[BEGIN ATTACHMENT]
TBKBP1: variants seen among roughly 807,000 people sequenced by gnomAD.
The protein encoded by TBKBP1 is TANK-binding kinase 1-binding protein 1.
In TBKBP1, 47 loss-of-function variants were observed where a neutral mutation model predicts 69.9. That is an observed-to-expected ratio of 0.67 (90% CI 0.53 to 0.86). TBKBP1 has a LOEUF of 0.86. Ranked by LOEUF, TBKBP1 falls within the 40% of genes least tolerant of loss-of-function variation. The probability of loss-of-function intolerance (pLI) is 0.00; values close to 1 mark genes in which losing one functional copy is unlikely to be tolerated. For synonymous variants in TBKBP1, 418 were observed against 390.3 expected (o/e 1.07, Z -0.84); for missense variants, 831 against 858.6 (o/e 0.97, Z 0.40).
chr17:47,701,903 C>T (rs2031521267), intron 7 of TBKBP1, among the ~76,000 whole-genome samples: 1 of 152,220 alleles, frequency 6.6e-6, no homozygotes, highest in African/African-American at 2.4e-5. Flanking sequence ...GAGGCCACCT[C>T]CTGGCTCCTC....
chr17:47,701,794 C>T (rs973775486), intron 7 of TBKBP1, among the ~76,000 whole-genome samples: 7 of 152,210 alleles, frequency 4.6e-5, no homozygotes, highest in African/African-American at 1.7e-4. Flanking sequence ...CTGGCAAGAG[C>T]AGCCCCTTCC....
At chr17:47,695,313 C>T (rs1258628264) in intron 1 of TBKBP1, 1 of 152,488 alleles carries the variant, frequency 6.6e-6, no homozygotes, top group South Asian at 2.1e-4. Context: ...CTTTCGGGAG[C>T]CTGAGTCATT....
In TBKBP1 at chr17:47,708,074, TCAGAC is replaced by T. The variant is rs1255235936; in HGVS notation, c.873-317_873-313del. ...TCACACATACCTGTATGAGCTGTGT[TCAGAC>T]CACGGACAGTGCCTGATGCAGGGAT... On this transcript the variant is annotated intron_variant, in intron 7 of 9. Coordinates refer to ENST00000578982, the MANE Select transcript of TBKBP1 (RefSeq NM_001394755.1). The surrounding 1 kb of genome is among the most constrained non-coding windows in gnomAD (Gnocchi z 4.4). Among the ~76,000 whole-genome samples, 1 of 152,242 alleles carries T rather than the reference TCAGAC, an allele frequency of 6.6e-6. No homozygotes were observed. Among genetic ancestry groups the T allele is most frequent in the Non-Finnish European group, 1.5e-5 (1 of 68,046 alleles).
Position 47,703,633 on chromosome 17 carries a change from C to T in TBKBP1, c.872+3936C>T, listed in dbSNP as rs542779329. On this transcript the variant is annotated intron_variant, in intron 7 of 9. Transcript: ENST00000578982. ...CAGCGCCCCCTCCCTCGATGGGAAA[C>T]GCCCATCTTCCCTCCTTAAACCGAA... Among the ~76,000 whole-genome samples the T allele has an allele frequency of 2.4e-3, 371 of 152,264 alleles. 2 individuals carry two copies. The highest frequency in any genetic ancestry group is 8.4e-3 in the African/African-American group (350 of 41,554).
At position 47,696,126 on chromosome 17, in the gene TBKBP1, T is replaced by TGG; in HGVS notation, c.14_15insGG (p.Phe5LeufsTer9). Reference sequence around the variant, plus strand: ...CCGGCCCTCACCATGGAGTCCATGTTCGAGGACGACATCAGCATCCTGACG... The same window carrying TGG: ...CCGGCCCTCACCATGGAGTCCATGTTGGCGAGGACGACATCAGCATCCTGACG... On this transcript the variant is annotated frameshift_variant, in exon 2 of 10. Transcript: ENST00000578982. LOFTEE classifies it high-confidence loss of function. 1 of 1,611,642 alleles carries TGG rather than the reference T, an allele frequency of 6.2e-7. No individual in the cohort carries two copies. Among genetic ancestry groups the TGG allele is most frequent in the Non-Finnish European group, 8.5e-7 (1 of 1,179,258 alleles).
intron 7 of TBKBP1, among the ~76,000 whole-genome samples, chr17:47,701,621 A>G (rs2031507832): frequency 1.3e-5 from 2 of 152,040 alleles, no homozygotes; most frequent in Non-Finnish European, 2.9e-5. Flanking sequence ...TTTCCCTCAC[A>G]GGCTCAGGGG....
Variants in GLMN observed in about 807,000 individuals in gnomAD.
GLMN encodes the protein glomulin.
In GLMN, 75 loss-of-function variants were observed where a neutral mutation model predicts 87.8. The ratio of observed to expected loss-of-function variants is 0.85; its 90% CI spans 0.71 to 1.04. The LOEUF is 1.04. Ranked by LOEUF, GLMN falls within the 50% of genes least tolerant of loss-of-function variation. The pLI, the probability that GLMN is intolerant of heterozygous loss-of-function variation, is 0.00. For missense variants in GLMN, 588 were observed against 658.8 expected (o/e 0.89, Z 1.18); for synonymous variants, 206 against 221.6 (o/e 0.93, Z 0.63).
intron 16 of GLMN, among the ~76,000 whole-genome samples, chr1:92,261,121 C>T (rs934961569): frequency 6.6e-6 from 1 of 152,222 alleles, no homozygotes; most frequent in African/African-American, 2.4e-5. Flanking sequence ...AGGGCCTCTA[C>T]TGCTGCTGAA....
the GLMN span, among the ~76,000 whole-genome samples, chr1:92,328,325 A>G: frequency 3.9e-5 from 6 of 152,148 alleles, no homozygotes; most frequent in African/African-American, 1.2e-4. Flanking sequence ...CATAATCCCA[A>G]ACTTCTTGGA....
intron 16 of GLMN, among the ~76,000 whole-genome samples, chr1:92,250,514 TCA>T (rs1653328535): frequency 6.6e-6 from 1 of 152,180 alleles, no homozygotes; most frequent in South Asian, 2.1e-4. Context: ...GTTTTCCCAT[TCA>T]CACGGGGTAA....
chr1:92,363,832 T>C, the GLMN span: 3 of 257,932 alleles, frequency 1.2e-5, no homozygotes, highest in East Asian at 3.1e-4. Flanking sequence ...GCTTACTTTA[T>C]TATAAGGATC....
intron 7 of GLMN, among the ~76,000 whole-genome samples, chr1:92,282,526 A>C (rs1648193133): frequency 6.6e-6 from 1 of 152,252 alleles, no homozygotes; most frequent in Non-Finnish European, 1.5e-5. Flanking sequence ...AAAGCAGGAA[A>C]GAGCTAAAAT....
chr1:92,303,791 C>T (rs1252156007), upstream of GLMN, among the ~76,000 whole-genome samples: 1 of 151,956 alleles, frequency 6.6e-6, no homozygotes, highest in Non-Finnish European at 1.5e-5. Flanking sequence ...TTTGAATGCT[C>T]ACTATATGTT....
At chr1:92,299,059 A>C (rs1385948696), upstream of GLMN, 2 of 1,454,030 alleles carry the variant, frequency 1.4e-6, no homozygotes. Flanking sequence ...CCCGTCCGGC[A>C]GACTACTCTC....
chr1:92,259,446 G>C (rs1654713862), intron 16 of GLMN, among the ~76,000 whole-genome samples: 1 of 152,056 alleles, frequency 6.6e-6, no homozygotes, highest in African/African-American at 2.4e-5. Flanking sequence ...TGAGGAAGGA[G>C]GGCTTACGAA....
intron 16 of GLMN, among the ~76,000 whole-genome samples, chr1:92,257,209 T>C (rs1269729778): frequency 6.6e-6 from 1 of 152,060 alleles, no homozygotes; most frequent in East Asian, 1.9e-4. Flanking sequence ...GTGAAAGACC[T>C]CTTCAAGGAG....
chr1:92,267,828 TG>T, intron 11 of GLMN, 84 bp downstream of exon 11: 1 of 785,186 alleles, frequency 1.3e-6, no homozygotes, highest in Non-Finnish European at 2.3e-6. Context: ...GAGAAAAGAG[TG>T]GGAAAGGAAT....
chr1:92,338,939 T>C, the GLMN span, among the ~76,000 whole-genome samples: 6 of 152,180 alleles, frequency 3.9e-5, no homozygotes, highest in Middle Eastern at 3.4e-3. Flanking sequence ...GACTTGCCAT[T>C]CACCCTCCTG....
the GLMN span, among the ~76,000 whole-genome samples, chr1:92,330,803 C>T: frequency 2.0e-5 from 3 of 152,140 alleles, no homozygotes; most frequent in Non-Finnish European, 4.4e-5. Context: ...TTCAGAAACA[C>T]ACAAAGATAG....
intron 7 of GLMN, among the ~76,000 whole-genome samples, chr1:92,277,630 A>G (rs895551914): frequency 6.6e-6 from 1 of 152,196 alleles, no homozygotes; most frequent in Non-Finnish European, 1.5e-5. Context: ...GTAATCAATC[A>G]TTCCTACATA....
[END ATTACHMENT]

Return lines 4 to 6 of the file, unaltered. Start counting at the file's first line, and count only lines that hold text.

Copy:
chr17:47,701,903 C>T (rs2031521267), intron 7 of TBKBP1, among the ~76,000 whole-genome samples: 1 of 152,220 alleles, frequency 6.6e-6, no homozygotes, highest in African/African-American at 2.4e-5. Flanking sequence ...GAGGCCACCT[C>T]CTGGCTCCTC....
chr17:47,701,794 C>T (rs973775486), intron 7 of TBKBP1, among the ~76,000 whole-genome samples: 7 of 152,210 alleles, frequency 4.6e-5, no homozygotes, highest in African/African-American at 1.7e-4. Flanking sequence ...CTGGCAAGAG[C>T]AGCCCCTTCC....
At chr17:47,695,313 C>T (rs1258628264) in intron 1 of TBKBP1, 1 of 152,488 alleles carries the variant, frequency 6.6e-6, no homozygotes, top group South Asian at 2.1e-4. Context: ...CTTTCGGGAG[C>T]CTGAGTCATT....